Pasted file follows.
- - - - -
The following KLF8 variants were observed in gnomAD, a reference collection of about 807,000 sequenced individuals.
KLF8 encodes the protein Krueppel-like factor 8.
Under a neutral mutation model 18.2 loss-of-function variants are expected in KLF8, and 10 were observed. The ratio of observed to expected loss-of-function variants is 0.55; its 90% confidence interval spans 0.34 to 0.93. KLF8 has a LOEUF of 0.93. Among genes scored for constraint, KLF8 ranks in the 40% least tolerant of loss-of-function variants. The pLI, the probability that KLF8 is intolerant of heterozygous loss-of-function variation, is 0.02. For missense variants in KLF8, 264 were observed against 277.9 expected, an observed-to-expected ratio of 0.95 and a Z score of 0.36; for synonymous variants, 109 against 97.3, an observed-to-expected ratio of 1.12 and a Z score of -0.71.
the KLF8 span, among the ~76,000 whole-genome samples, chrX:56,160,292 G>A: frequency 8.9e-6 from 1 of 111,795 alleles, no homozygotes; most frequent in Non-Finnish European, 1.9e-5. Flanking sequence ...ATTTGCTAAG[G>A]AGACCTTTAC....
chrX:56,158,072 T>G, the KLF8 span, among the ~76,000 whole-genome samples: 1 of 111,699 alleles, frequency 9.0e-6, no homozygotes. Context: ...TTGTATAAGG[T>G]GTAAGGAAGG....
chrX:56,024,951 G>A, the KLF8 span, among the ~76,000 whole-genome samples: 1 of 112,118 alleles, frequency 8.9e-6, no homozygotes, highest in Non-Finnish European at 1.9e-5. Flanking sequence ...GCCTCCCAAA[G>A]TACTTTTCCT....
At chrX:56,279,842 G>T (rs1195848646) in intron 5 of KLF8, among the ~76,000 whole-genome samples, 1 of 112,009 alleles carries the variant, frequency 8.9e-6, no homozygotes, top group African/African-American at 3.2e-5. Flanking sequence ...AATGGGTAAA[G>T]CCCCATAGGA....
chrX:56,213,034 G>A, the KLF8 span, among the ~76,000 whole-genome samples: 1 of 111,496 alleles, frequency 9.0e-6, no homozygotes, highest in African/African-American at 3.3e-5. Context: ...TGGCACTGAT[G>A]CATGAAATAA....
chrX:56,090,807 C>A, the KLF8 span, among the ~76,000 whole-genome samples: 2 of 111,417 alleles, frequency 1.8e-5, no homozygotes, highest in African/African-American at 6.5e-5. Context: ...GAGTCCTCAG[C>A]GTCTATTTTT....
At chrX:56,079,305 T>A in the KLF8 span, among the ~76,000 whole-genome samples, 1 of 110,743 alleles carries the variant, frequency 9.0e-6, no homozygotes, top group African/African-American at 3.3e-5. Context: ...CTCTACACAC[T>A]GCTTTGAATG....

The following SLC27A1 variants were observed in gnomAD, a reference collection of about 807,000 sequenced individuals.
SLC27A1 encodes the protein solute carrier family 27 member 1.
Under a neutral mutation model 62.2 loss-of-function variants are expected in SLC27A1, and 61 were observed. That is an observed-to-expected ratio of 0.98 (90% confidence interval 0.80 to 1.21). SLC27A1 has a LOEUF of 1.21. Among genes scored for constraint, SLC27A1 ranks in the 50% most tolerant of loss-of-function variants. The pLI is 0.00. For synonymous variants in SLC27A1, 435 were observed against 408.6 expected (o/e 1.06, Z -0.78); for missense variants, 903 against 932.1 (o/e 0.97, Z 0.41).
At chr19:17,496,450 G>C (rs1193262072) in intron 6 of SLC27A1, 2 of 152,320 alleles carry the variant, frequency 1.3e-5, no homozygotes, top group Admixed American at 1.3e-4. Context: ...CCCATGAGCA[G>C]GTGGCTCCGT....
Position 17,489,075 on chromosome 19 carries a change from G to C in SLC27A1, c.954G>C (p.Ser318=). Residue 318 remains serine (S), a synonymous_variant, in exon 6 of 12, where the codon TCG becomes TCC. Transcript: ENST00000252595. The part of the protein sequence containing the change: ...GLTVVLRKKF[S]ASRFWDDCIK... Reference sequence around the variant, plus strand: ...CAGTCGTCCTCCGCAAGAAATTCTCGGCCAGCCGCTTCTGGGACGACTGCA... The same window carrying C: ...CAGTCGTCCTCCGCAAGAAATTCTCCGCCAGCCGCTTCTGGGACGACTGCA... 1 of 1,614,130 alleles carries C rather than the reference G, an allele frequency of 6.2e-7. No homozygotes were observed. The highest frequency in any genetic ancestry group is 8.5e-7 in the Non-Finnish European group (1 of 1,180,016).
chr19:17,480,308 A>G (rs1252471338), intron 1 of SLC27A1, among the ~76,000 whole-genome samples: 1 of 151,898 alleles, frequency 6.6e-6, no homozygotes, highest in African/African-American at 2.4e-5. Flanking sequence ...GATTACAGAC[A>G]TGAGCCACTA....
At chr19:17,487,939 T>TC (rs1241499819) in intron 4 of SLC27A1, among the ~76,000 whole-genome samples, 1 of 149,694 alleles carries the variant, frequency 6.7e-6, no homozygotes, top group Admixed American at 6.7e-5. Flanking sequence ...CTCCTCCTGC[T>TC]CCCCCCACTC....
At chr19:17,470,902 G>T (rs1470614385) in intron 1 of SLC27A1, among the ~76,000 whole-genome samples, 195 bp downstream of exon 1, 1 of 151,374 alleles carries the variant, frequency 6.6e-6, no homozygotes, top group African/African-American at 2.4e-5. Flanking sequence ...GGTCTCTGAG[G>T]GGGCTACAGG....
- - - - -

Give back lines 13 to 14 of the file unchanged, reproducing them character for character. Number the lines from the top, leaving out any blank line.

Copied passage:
Under a neutral mutation model 62.2 loss-of-function variants are expected in SLC27A1, and 61 were observed. That is an observed-to-expected ratio of 0.98 (90% confidence interval 0.80 to 1.21). SLC27A1 has a LOEUF of 1.21. Among genes scored for constraint, SLC27A1 ranks in the 50% most tolerant of loss-of-function variants. The pLI is 0.00. For synonymous variants in SLC27A1, 435 were observed against 408.6 expected (o/e 1.06, Z -0.78); for missense variants, 903 against 932.1 (o/e 0.97, Z 0.41).
At chr19:17,496,450 G>C (rs1193262072) in intron 6 of SLC27A1, 2 of 152,320 alleles carry the variant, frequency 1.3e-5, no homozygotes, top group Admixed American at 1.3e-4. Context: ...CCCATGAGCA[G>C]GTGGCTCCGT....